R’ Avraham Meir Rosen z”l (Warsaw; 19th century) explains: The midrash is bothered by the phrase, “This day, Hashem, your Elokim, commands you . . .” Was that the first day that Hashem commanded regarding the mitzvot? Therefore, the midrash understands the Torah to be teaching that even “this day”–i.e., whenever one reads the verse, even after the Temple was destroyed–there is a way to draw Hashem’s blessings into the world, a function once served by the mitzvah of Bikkurim. Just as one who brought Bikkurim would bow before Hashem (see 26:10), so bowing in prayer three times a day can accomplish this goal. (Beur Ha’amarim)


“Then you shall call out and say before Hashem, your Elokim, ‘Arami oveid avi. He descended to Egypt and sojourned there, few in number, and there he became a nation–great, strong, and numerous’.” (26:5)

Rashi z”l (1040-1105) writes: This verse instructs [the person bringing Bikkurim] to mention G-d’s kindness. “Arami oveid avi” is Lavan, who intended to uproot the entire Jewish People when he pursued Yaakov. Because he thought of doing this, the Torah counts it as if he did it. [Until here from Rashi]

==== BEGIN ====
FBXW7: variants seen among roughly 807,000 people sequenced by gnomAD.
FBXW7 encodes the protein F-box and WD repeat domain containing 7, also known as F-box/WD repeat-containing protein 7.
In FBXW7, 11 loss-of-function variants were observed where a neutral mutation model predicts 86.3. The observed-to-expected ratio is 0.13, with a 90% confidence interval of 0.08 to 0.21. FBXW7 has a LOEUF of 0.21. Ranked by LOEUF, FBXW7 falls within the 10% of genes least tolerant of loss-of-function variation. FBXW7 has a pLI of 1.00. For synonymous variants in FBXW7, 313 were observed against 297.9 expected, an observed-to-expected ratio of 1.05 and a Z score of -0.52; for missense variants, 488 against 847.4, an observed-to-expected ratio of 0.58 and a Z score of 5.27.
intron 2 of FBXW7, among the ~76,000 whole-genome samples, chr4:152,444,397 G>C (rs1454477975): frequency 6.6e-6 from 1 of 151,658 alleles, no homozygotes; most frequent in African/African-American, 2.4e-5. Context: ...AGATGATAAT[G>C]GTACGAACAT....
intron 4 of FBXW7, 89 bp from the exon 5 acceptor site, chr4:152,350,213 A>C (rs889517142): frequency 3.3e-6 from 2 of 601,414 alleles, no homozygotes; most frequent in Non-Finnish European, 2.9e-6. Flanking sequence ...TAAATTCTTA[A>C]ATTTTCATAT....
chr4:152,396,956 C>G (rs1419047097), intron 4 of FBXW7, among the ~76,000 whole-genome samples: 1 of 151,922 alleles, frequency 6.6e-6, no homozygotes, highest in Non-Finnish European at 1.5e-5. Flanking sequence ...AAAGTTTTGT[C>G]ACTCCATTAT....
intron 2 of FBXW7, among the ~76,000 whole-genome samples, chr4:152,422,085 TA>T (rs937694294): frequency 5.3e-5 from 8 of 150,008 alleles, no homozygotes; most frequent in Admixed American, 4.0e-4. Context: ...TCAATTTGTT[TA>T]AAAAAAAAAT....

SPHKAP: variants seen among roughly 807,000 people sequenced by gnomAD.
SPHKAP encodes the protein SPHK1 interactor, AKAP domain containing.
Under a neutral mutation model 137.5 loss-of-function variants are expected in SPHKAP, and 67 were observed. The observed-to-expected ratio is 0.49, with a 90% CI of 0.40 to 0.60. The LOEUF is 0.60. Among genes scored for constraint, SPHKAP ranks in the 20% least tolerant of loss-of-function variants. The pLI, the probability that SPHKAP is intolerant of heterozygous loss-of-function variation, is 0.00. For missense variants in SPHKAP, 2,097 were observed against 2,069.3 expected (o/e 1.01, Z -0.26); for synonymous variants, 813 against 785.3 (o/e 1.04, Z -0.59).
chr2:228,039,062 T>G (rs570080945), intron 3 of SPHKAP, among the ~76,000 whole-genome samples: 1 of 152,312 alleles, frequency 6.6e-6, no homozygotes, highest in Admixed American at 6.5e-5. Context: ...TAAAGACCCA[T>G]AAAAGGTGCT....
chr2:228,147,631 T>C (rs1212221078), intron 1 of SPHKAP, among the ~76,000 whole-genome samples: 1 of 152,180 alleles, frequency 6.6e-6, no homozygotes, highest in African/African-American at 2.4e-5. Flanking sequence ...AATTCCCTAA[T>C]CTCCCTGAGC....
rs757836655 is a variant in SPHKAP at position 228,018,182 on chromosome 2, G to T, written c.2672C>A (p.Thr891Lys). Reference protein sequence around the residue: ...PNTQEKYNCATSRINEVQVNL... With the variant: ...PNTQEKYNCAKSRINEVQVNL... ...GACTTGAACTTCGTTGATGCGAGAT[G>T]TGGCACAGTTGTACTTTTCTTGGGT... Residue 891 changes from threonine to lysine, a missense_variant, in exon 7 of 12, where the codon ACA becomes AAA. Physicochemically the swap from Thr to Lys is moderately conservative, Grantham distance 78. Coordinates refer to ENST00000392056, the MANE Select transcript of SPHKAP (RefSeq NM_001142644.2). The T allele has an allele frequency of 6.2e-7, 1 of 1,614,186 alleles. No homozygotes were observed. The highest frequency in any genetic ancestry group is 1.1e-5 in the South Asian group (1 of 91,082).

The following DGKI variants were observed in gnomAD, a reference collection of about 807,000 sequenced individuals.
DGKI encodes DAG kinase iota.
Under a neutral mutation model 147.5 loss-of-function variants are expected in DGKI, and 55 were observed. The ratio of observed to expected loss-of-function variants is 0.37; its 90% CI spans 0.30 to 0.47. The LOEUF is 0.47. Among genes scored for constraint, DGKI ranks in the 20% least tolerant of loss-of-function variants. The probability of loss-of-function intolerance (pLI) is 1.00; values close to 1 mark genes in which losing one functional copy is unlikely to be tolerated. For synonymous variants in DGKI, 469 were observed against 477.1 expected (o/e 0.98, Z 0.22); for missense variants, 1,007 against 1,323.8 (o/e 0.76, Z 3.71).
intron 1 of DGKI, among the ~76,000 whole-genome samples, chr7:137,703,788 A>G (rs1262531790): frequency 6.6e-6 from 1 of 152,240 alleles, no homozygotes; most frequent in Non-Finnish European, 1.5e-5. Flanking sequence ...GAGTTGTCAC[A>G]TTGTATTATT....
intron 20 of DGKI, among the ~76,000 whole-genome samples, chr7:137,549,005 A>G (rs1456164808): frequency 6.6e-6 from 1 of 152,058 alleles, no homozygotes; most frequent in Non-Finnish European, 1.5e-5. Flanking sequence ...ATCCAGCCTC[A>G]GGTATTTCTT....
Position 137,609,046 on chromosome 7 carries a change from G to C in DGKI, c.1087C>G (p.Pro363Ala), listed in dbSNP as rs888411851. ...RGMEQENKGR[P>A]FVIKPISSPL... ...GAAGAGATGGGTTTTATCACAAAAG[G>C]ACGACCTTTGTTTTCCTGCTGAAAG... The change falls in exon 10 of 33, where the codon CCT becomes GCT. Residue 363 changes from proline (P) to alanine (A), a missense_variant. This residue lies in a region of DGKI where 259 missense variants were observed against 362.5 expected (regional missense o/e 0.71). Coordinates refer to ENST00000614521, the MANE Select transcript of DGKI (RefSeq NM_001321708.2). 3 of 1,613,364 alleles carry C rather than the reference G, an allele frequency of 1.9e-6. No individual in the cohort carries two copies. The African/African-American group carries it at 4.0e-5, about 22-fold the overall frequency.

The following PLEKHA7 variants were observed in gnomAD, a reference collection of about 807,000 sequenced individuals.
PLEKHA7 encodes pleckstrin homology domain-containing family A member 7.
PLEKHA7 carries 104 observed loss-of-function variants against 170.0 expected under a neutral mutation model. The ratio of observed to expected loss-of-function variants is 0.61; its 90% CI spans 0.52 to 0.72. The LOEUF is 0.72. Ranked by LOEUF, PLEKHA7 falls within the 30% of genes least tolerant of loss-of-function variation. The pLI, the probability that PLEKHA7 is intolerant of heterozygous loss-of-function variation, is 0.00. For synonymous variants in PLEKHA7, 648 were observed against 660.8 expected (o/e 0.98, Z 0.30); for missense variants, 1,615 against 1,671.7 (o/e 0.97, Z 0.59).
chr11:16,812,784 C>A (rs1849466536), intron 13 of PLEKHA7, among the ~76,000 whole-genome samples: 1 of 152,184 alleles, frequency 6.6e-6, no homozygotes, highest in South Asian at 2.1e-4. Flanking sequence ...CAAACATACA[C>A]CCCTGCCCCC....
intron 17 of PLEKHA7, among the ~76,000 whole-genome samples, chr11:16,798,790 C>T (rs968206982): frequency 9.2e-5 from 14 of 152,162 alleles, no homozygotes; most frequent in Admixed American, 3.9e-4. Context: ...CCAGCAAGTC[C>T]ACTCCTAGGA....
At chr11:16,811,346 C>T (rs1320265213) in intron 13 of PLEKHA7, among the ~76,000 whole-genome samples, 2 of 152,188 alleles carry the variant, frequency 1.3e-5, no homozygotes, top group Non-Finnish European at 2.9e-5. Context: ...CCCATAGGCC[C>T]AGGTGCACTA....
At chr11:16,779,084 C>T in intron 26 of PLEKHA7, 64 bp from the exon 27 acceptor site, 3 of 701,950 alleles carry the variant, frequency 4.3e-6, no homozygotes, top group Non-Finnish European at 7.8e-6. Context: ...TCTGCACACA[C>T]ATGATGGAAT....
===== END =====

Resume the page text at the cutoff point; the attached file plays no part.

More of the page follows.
R’ Avraham ibn Ezra z”l (1089-1167) disagrees. He writes: If the verse referred to Lavan, the grammatically correct form would have been, “Arami me’abeid avi.” Moreover, what connection is there between Lavan and Yaakov’s descent to Egypt? Rather, the verse refers to Yaakov, and it means, “My father was wasting away from poverty when he came to Aram, and he likewise was a stranger in the land of Egypt.” [Until here from ibn Ezra]